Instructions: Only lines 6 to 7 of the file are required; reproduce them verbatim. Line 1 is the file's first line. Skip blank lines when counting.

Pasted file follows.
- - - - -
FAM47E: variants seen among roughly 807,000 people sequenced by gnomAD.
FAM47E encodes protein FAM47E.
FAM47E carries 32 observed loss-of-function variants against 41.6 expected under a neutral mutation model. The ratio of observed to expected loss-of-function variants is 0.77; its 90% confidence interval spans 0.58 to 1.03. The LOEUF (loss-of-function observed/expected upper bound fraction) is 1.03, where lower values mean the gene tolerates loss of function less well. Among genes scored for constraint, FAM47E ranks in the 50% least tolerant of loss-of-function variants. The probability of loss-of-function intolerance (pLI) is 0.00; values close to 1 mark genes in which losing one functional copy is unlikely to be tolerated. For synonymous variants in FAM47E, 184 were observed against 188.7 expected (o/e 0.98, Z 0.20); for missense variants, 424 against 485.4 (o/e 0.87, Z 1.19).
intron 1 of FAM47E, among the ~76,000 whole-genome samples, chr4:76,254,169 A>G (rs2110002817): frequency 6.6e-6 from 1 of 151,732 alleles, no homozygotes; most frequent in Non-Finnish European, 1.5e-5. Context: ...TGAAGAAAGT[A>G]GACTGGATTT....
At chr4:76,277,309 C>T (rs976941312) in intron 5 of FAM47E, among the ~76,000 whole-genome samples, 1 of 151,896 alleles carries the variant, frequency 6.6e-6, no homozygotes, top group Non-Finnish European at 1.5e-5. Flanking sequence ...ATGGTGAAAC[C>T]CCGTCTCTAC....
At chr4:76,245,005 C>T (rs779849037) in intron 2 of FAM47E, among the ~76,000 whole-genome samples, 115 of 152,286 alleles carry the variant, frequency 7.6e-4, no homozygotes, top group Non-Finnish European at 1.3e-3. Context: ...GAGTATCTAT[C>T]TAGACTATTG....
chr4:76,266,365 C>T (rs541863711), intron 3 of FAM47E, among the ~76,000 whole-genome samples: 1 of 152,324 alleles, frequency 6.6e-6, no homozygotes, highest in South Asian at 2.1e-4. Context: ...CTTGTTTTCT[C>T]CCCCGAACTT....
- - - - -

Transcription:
At chr4:76,245,005 C>T (rs779849037) in intron 2 of FAM47E, among the ~76,000 whole-genome samples, 115 of 152,286 alleles carry the variant, frequency 7.6e-4, no homozygotes, top group Non-Finnish European at 1.3e-3. Context: ...GAGTATCTAT[C>T]TAGACTATTG....
chr4:76,266,365 C>T (rs541863711), intron 3 of FAM47E, among the ~76,000 whole-genome samples: 1 of 152,324 alleles, frequency 6.6e-6, no homozygotes, highest in South Asian at 2.1e-4. Context: ...CTTGTTTTCT[C>T]CCCCGAACTT....